- Don’t overdo it. The star of your content marketing show needs to be your own content, so don’t let your feed get cluttered with too many quotes, even good ones. A couple of times a week is plenty.
- Don’t be afraid to have fun … within reason. Not every quote has to impart Wisdom-with-a-capital-W. One of my favorite author quotes is P.G. Wodehouse’s “I just sit at a typewriter and curse a bit.” It imparts no deep insights, but it’s funny and every writer gets it. Look for opportunities to give your followers a smile while still maintaining relevance and — always, please — good taste.
- Build quote-sharing into your calendar. The best way to make sure you reap benefits of well-thought-out quote posting without over-doing it is to include it in your calendar. Choose a day of the week to be your quote-sharing day and experiment with hashtags like #WednesdayWisdom or #ThoughtfulThursday.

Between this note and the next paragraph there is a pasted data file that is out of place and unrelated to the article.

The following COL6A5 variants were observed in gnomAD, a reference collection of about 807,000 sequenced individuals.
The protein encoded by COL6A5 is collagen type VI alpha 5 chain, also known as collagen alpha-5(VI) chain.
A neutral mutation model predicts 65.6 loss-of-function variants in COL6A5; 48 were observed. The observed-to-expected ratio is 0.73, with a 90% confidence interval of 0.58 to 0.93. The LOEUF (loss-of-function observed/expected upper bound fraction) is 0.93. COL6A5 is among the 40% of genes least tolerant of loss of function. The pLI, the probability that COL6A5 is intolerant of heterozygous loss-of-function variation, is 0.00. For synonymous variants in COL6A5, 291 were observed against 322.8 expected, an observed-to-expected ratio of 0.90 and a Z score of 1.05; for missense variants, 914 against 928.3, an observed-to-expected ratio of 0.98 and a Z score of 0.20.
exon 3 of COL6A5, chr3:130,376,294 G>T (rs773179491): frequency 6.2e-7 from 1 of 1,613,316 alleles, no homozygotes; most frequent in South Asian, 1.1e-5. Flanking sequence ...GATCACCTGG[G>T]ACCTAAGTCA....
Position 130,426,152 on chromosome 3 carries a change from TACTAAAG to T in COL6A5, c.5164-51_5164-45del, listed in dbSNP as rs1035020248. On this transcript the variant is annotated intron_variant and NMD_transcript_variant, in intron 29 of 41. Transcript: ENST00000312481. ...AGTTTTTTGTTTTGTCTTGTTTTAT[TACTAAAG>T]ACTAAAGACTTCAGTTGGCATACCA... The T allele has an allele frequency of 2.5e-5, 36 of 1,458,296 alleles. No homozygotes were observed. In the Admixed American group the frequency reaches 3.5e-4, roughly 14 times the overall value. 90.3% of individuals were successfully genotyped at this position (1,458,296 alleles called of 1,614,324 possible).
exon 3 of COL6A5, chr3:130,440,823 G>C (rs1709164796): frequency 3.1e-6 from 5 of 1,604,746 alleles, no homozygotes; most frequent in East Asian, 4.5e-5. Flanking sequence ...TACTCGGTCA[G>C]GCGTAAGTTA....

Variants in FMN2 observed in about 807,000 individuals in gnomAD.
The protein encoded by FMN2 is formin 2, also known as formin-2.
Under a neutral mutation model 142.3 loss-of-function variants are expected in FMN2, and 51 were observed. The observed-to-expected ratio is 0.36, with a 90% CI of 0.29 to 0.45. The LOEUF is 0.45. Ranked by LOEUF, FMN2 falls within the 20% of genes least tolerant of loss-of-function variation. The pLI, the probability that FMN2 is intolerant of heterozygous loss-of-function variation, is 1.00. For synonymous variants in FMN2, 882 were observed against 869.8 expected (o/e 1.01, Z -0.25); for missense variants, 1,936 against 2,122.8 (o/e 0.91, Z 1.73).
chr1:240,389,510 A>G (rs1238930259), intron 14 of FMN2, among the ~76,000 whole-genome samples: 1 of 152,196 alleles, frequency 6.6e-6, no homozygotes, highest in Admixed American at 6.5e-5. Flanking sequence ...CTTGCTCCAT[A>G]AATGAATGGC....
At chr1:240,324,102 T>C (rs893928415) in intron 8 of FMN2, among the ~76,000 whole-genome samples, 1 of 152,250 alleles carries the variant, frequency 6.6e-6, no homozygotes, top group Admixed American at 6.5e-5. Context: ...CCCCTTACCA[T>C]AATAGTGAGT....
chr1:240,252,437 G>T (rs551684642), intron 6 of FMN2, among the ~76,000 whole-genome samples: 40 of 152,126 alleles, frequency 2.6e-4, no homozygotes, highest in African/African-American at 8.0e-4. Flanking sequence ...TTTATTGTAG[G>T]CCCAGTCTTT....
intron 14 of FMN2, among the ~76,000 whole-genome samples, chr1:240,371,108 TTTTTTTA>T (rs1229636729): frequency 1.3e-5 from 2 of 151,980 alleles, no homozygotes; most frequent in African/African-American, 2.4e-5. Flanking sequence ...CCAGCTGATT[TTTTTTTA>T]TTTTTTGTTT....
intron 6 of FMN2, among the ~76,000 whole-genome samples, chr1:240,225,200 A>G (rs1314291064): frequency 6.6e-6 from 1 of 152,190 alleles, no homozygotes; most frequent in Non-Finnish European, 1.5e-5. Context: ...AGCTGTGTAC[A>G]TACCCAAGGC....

- Always brand your quote images. Even if the quote doesn’t come from you or someone in your company, it’s still out there representing you and needs to be branded accordingly. Work with your design team to create a template that incorporates your website URL and possibly your logo in every quote image.
Where to Go From Here
Just because gauzy, breezy, feel-good inspirational quotes get higher than usual engagement, it doesn’t mean they’re working for your brand. In many cases, the opposite is true and they could wind up hurting your reputation.